Unexpectedly, I have a lot of time to reflect on LCI Training. For photos, you'll have to visit Gail Spann's Facebook page since I'm stuck in hospital for the next few days. As far as I can tell, the hospital appears to be unrelated to bikes, and it should not keep me off a bike, but for now, I can't be in two places at once.
Anyway, I did make it through the first day of LCI training and, quite frankly, it was a breath of fresh air. Bike League LCI trainig, for those not familiar with it, is instructor training. It is not intended to teach the student how to ride safely on the road in traffic. You should have learned that. They'll keep an eye on you to make sure you don't pass bad habits to future students.
Similarly, it is not intended to teach you to fix a flat. They want to know you can teach someone how to change a flat. What might be most refreshing of all is that it was all simply about teaching the love of cycling without getting off on the sidetrack of helmets or bike lanes or all the other stuff advocates like to argue about. We even learned how to keep a class on track if an advocate tried to hijack things from the learning objectives. Simply put, this is a spot where Bike Ed was to be kept in the spotlight. It actually reduced my discomfort about the Bike League. At least one element really is working. It's about teaching safe operation.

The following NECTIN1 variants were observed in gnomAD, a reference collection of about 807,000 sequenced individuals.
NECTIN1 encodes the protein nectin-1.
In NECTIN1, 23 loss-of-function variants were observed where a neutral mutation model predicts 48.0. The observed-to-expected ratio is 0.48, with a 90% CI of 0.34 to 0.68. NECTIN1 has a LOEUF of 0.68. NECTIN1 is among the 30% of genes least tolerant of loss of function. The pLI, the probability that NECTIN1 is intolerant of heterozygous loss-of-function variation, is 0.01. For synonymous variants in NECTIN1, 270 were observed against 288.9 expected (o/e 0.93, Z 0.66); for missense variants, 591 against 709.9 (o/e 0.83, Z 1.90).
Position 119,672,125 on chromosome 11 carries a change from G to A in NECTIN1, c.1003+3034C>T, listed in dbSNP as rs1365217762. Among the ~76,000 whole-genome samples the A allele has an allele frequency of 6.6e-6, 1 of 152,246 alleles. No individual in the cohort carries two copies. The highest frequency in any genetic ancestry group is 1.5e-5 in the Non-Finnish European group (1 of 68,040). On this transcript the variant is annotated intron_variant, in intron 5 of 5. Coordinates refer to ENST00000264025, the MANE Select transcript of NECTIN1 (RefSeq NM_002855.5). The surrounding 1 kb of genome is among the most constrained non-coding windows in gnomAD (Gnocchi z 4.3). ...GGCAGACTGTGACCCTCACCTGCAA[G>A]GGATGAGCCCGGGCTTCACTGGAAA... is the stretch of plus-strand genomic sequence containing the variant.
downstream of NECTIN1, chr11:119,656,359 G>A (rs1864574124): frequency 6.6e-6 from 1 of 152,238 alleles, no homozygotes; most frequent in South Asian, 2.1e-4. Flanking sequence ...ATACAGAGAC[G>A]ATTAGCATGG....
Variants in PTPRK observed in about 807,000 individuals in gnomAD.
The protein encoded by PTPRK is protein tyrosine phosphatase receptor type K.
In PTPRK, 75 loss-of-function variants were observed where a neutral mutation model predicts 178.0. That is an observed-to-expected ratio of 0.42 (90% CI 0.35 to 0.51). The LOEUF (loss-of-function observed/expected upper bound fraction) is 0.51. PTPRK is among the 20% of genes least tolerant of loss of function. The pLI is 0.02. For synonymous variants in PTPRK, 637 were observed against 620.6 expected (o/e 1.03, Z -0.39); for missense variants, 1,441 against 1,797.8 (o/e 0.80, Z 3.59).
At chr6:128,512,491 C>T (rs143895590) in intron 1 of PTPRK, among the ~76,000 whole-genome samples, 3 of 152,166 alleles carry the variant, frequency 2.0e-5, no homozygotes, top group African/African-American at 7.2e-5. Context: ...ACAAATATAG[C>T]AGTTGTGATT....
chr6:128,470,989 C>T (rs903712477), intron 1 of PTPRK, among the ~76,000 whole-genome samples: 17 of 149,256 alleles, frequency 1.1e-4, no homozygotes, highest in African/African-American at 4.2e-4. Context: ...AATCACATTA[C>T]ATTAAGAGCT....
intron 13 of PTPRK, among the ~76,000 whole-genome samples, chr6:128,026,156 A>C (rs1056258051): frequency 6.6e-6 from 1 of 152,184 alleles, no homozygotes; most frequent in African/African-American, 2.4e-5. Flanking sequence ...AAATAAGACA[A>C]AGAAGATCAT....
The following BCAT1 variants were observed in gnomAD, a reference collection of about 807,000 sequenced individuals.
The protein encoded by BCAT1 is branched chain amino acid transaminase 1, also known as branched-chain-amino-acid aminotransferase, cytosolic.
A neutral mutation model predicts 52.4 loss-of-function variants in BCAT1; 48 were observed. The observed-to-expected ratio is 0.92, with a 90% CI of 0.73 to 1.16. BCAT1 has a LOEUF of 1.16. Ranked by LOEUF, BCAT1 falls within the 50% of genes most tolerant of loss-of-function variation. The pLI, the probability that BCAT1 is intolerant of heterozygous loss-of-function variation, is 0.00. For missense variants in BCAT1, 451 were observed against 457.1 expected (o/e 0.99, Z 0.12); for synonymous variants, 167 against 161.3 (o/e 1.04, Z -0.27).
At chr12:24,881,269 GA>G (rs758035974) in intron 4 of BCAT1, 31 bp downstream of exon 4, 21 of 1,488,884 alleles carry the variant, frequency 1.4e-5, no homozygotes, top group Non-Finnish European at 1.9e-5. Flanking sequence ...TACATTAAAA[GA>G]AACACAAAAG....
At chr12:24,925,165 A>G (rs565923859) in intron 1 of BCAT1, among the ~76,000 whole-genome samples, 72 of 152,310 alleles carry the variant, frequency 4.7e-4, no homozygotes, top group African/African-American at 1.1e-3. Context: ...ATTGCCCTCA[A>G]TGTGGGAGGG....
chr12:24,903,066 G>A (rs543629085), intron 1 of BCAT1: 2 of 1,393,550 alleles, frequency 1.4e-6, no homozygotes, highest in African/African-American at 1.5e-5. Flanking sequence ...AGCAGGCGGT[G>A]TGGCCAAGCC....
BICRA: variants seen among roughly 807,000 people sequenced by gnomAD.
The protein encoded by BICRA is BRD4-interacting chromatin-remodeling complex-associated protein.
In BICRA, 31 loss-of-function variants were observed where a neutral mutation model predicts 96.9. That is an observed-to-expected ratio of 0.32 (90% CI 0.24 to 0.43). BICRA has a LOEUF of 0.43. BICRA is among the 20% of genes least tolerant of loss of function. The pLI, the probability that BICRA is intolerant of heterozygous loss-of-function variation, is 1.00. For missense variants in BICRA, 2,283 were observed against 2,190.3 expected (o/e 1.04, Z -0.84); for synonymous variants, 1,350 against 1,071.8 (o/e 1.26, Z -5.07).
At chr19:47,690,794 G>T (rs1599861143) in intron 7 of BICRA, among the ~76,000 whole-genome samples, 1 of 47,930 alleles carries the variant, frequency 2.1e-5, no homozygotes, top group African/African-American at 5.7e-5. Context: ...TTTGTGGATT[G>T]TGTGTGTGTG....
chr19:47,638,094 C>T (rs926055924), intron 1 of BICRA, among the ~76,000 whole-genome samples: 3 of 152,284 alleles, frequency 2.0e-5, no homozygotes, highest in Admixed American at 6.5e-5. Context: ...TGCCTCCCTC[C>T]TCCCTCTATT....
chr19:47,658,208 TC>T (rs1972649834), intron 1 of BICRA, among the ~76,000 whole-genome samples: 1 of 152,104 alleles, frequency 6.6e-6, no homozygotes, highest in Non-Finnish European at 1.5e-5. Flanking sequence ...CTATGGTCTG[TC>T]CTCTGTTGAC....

Besides being impressed with the instruction focus, I was impressed with the students. These guys (and gal) were serious about the subject and they all appeared more than equal to the needed skillset needed to teach someone how to operate their bike safely. It seemed to be a mix of commuters and club cyclists that have moved well beyond the casual club cyclist stereotype. I think Andy and Chandra would both feel at home there.
I wish I could be with them to finish. In the words of one of "the Governator's" character: "I'll be back!"
PS: I find it intriguing that ALL of the instructors there last night were women. Had we men not been in the majority of students, I might have wondered if it is women that mostly care about safe riding. Certainly it flies in the face of the notion that it is the men that are most serious about cycling. Speaking of which, the topic of biking in heels did come up briefly, but it was not a major learning objective.
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